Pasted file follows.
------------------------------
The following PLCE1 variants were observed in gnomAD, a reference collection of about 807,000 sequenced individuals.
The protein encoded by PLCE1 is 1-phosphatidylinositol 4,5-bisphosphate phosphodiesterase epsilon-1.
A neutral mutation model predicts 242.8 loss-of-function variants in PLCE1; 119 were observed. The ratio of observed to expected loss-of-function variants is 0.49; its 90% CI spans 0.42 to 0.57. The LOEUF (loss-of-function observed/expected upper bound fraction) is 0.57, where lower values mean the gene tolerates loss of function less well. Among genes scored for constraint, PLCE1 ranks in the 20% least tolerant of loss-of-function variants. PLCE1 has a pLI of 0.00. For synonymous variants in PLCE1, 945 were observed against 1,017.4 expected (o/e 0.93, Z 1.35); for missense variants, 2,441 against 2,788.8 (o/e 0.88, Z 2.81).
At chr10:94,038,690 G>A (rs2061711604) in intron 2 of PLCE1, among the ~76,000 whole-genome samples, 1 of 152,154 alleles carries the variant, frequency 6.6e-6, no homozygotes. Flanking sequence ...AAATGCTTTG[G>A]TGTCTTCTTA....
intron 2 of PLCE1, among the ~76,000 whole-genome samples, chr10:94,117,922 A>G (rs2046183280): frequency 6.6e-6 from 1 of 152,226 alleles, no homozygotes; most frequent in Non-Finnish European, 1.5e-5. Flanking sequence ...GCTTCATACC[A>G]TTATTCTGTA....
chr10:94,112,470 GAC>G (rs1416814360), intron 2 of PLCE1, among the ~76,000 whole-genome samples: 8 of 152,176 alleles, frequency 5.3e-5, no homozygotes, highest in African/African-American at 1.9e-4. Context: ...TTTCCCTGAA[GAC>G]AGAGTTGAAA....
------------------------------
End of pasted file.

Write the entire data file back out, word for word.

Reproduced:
The following PLCE1 variants were observed in gnomAD, a reference collection of about 807,000 sequenced individuals.
The protein encoded by PLCE1 is 1-phosphatidylinositol 4,5-bisphosphate phosphodiesterase epsilon-1.
A neutral mutation model predicts 242.8 loss-of-function variants in PLCE1; 119 were observed. The ratio of observed to expected loss-of-function variants is 0.49; its 90% CI spans 0.42 to 0.57. The LOEUF (loss-of-function observed/expected upper bound fraction) is 0.57, where lower values mean the gene tolerates loss of function less well. Among genes scored for constraint, PLCE1 ranks in the 20% least tolerant of loss-of-function variants. PLCE1 has a pLI of 0.00. For synonymous variants in PLCE1, 945 were observed against 1,017.4 expected (o/e 0.93, Z 1.35); for missense variants, 2,441 against 2,788.8 (o/e 0.88, Z 2.81).
At chr10:94,038,690 G>A (rs2061711604) in intron 2 of PLCE1, among the ~76,000 whole-genome samples, 1 of 152,154 alleles carries the variant, frequency 6.6e-6, no homozygotes. Flanking sequence ...AAATGCTTTG[G>A]TGTCTTCTTA....
intron 2 of PLCE1, among the ~76,000 whole-genome samples, chr10:94,117,922 A>G (rs2046183280): frequency 6.6e-6 from 1 of 152,226 alleles, no homozygotes; most frequent in Non-Finnish European, 1.5e-5. Flanking sequence ...GCTTCATACC[A>G]TTATTCTGTA....
chr10:94,112,470 GAC>G (rs1416814360), intron 2 of PLCE1, among the ~76,000 whole-genome samples: 8 of 152,176 alleles, frequency 5.3e-5, no homozygotes, highest in African/African-American at 1.9e-4. Context: ...TTTCCCTGAA[GAC>G]AGAGTTGAAA....